Now she is a foreign media analyst, is married to a Frenchman -- who also has a green card -- and has a 2-year-old son. She says she had dreamt of living in the United States for years, and arriving here was like "landing on the moon."
"Sometimes I catch myself thinking, oh my gosh, here I am in the U.S. It's little things like driving in your car and going to the grocery [store]," Dornic says. "Just the freedoms you have here, you can speak your mind and not be scared of being prosecuted later, you know, or that somebody's going to come and knock on your door. It's actually, it's a miracle, every day is a miracle to me."
Dornic says she has many friends from Central Asia and Russia, and believes that they, and she, have enriched U.S. culture by coming here.
"Where else could you meet a person from Africa, from Asia, from Australia, from every continent of this world? It's only in the United States," she says. "And I think when it comes to the integration of all of us coming here, or even just the early immigrants, we have enriched the U.S. culture [and made it] more vibrant, more interesting."
Land Of Opportunity
Mikhri Babadzanova was also living in Tashkent before she moved to the United States 12 years ago. Along with her husband and two daughters, she sought political asylum. Now she and her husband teach Uzbek at the Foreign Service Institute in Washington.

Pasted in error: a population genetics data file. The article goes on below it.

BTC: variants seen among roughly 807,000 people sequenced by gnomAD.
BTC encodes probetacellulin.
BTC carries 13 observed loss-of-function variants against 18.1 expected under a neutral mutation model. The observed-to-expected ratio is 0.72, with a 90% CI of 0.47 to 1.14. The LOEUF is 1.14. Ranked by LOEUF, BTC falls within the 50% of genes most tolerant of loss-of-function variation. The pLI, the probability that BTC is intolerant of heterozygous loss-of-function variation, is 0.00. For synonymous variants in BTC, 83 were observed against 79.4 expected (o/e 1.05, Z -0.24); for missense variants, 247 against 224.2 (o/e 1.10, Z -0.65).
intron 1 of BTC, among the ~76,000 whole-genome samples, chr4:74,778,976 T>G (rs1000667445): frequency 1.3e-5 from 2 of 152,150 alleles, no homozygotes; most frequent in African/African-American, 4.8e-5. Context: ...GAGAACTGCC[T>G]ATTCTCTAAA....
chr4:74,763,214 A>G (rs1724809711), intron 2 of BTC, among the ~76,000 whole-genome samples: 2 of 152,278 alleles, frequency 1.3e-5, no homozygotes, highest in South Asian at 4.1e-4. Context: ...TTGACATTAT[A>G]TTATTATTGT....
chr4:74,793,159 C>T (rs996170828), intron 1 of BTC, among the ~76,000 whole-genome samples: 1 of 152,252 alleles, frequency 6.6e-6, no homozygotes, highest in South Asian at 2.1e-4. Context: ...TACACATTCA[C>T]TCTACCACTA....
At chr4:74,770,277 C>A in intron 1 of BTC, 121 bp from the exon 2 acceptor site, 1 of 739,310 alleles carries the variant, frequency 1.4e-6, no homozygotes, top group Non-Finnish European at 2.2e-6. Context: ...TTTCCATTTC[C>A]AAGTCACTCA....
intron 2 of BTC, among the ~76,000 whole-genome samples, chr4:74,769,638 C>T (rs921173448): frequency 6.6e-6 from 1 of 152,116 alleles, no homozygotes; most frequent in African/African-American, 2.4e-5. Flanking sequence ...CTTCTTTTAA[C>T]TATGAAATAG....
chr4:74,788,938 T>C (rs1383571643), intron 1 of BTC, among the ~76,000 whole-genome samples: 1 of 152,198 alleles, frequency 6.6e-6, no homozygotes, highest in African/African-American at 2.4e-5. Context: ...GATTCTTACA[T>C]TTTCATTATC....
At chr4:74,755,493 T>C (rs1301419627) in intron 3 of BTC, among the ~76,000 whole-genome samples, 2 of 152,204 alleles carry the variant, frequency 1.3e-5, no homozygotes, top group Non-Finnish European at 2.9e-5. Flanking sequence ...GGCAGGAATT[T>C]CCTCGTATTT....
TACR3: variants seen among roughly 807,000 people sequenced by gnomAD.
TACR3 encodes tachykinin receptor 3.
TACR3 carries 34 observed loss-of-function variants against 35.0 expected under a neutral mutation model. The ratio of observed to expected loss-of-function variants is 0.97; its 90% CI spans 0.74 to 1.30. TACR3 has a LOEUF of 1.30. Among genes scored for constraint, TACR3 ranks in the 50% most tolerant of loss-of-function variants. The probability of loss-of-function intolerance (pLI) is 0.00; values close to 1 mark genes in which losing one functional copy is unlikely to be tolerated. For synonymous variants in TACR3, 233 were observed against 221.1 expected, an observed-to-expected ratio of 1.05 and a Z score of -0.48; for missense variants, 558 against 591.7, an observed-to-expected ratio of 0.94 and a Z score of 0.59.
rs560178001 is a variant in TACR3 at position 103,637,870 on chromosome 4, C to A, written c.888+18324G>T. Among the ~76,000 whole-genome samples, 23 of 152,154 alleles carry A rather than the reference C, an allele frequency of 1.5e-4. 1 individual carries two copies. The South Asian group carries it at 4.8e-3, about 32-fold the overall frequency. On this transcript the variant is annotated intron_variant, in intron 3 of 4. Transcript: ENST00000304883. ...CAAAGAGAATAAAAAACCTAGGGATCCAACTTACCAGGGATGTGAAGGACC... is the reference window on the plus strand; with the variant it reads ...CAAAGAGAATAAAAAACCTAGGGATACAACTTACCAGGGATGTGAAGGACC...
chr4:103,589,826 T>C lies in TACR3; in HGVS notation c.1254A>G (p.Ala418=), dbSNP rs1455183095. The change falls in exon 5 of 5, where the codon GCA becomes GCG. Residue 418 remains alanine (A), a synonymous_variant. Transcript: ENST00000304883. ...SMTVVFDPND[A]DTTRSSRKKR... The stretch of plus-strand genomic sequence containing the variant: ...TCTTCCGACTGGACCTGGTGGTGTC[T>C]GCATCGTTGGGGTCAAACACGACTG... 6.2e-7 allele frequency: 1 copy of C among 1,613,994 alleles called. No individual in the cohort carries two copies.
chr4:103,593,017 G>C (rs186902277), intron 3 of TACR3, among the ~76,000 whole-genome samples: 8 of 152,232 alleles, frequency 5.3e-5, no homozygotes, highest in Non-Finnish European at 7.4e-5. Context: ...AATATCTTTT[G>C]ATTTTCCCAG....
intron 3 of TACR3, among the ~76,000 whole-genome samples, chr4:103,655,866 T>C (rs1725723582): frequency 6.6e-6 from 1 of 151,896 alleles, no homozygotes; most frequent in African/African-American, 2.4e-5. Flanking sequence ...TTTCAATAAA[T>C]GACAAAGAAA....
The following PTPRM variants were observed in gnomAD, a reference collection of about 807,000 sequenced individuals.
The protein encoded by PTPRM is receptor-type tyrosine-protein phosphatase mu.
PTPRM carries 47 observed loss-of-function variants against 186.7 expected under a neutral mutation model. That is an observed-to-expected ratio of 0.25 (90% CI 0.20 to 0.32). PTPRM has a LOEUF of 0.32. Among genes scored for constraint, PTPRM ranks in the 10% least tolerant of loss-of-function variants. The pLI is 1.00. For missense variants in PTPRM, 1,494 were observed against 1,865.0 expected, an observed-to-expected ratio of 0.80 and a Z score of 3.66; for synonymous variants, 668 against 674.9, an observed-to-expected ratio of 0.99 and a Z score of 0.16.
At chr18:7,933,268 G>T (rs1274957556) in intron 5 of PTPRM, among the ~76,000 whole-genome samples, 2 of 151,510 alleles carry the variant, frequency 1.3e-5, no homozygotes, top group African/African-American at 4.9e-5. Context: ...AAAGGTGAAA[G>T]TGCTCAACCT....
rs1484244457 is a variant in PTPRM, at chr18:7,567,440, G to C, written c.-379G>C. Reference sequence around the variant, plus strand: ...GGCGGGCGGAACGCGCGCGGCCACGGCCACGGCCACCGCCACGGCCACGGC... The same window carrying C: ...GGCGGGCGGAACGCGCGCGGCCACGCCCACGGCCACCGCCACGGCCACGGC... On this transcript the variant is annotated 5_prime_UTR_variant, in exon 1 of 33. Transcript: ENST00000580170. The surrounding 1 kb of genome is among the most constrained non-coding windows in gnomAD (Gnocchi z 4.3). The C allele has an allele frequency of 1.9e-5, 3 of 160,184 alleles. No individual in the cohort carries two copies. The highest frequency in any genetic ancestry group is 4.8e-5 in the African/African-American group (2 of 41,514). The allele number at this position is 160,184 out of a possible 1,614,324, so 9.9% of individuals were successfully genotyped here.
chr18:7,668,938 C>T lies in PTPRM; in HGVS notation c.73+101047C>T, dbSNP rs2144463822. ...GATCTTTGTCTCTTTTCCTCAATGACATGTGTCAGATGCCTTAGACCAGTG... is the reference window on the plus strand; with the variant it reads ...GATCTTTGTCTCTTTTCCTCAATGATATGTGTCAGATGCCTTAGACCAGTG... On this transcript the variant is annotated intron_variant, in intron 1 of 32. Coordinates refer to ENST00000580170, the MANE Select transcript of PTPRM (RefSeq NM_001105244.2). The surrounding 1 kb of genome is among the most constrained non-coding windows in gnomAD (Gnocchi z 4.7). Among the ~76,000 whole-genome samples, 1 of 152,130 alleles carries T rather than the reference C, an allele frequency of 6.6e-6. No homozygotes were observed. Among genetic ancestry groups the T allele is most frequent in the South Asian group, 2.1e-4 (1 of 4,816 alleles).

She says she misses Uzbekistan, but cannot return for political reasons. But life in the United States has many advantages, she adds, including the fact that her daughters were able to attend university based on their intelligence, not a corrupt system.
"For example, if I would be in my country I have to pay [a] bribe in order for my daughter to enter [a] university, or have some relatives in this university," Babadzanova says. "But here, my daughter just took the SAT [entrance exam] and she was accepted to the university."
Babadzanova says that for anyone who wants to achieve something -- especially women -- the United States remains a land of opportunity.
Rise In Foreign-Born Population
Currently, there are some 36 million people living in the United States who were born abroad. Thirty-six percent of New York City's population and 40 percent of Los Angeles' population is foreign-born.
Over half of all new legal U.S. immigrants arrived from just 10 countries: Mexico, India, the Philippines, China, El Salvador, the Dominican Republic, Vietnam, Colombia, Guatemala, and Russia.
Russia has only recently become one of the leading "sending" countries –- and Ukraine and Bosnia-Herzegovina used to be, but are no longer in the top 10.